If food manufacturers and major supplier/producers have accurate verifiable digital standards in place , why isn’t the wider food/hospitality industry doing the same?

There is a large section of 3.2.2 dedicated to temperature , monitoring and control, both of stored and cooked foods. To comply with the requirements as they are written is a seriously labor intensive job. I see areas such as health care, complying to it, general hospitality not.

3.2.3 deals with design and build.

My pet hate, not a new one, it’s always been in the code, the one that I wish architects would investigate at the commencement of a project rather than the end, because 9/10 times they have not allowed enough space.

(b) provide adequate space for the activities to be conducted on the food premises and for
the fixtures, fittings and equipment used for those activities

this also has always been there ….

The design and construction of food premises must:
(a) be appropriate for the activities for which the premises are used;

upgrade to ventilation codes…i have covered the new style canopies in other section on this site… but this is the one a LOT of new operators get caught with….they are Falsely (normally by real estate letting agents)  that the ‘old kitchen’ will comply with what their new plans are . BS!!!  in many cases that old exhaust canopy will need to come down…= big cost.

This is often also the case for plumbing/sewerage, just because there is commercial trade waste on site DOES NOT mean that it is suitable for your operations needs, especially if you are renovating and or upgrading facilities from an older premises….in many cases it will require an expensive commercial trade waste upgrade….a hydraulic consultant is the only person who can tell you this, and they can only tell you this in conjunction with your kitchen design and menu and anticipated volume of business .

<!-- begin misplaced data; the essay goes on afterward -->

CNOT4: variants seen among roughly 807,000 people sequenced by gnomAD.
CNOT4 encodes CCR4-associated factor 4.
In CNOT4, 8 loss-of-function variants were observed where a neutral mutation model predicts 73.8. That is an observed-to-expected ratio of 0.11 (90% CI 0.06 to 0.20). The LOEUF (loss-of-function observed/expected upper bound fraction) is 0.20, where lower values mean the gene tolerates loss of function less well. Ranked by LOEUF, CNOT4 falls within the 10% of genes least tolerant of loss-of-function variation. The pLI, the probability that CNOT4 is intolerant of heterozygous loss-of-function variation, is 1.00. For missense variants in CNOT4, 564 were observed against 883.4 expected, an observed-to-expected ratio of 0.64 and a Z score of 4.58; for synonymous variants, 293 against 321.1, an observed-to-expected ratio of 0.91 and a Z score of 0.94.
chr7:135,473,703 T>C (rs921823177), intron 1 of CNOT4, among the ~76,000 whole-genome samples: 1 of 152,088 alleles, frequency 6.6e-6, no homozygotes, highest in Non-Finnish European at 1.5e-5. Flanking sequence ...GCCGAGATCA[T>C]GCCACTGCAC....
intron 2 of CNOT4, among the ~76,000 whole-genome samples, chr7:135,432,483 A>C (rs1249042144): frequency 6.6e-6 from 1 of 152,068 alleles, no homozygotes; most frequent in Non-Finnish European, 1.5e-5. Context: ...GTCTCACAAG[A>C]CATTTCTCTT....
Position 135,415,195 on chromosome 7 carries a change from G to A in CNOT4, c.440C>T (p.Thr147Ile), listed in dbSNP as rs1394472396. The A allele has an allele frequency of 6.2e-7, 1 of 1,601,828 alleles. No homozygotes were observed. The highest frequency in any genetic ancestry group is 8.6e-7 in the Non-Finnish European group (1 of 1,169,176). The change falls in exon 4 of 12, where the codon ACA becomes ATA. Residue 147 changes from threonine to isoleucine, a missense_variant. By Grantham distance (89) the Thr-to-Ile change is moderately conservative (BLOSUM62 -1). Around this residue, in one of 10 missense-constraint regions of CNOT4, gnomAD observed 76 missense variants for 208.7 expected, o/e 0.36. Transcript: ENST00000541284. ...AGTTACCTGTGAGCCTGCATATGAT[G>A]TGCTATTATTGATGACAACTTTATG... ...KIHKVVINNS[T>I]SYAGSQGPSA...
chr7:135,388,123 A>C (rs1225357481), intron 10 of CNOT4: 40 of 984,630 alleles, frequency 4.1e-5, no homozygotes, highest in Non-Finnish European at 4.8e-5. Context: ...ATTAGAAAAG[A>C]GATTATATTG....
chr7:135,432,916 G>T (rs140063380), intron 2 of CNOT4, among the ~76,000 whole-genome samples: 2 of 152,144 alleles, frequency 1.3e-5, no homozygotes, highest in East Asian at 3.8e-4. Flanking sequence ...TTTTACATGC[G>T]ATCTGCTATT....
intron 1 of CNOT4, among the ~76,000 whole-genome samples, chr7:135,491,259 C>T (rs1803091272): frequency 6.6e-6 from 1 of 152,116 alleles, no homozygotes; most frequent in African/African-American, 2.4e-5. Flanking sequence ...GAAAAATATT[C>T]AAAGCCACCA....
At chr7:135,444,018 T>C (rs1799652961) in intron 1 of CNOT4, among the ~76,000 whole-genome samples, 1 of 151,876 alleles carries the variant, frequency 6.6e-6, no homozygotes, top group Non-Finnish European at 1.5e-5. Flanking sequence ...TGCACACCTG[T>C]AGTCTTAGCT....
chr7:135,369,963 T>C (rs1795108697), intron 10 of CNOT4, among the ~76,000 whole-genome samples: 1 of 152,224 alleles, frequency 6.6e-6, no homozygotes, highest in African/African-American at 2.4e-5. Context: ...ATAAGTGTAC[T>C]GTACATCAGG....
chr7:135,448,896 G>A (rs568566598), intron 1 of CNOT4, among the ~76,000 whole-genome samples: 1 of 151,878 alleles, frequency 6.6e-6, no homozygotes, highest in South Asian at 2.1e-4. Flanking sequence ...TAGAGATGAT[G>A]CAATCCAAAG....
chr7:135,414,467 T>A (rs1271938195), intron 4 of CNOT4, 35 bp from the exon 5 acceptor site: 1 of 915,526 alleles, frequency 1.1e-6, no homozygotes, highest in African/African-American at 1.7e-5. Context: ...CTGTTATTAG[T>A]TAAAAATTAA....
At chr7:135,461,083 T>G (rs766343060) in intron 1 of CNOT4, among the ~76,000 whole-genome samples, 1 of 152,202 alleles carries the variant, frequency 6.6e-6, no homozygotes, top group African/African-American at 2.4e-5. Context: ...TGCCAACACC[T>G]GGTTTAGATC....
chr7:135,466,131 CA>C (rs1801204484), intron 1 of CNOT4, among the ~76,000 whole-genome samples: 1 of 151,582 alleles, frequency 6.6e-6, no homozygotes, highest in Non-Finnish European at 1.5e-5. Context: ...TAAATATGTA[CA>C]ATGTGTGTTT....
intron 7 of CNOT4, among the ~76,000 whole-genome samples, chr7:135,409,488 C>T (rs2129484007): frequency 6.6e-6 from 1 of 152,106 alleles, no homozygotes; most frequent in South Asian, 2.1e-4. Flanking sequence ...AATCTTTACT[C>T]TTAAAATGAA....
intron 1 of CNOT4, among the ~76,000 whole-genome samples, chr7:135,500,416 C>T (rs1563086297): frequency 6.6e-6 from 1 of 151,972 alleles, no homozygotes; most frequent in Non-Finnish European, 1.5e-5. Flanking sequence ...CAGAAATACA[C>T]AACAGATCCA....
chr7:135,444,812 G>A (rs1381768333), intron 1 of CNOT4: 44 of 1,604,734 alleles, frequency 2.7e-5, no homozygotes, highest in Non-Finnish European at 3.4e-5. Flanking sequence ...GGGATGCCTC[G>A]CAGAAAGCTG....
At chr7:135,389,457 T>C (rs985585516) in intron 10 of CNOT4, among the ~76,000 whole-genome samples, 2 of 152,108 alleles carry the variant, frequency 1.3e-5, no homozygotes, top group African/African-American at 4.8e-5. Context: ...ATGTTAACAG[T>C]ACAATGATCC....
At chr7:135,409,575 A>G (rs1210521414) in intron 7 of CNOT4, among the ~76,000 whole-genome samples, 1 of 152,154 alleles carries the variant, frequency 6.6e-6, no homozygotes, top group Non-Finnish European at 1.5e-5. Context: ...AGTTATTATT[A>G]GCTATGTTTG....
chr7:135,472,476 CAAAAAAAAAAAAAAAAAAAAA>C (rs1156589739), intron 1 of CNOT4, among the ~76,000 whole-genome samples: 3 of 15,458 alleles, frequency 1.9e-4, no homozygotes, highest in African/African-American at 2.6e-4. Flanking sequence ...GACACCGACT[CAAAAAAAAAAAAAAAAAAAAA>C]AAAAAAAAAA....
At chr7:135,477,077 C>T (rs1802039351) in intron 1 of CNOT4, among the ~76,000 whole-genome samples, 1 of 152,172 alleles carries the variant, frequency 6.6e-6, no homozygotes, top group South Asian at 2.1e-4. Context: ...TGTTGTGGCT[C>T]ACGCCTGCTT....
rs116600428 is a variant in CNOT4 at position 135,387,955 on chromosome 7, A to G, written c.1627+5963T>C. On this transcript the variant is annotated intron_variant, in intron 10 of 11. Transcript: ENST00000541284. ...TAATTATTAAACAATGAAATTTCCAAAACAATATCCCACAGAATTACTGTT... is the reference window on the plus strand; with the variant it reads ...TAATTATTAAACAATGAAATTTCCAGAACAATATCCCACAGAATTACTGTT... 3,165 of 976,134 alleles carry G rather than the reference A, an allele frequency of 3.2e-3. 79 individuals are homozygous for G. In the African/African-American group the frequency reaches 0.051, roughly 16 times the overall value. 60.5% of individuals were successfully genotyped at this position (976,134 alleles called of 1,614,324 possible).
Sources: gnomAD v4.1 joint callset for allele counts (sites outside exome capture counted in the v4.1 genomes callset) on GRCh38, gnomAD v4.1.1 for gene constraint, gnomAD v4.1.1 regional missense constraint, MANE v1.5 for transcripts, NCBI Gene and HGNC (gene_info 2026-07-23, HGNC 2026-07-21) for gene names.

The Building Code of Australia for Class 2 to 9 buildings (ABCB 2016, which includes commercial
buildings) — Part F4 on Light and Ventilation states that a commercial kitchen must be supplied
with a kitchen exhaust hood complying with AS/NS 1668.1 and AS 1668.2 -2012 where cooking
apparatuses have power inputs above specified levels (e.g. where any cooking apparatus has
a total maximum electrical power input exceeding 8kW or a total gas power input exceeding
29MJ/hour).
• AS 4674-2004 — in addition to referring to the Building Code of Australia and standards AS/
NZS 1668.1 and AS/NZS 1668.2, this standard covers provision of an extraction system where
a dishwasher or similar equipment vents steam and causes condensation on walls and ceilings.
Example
Change in ventilation system needed when a food premises changes hands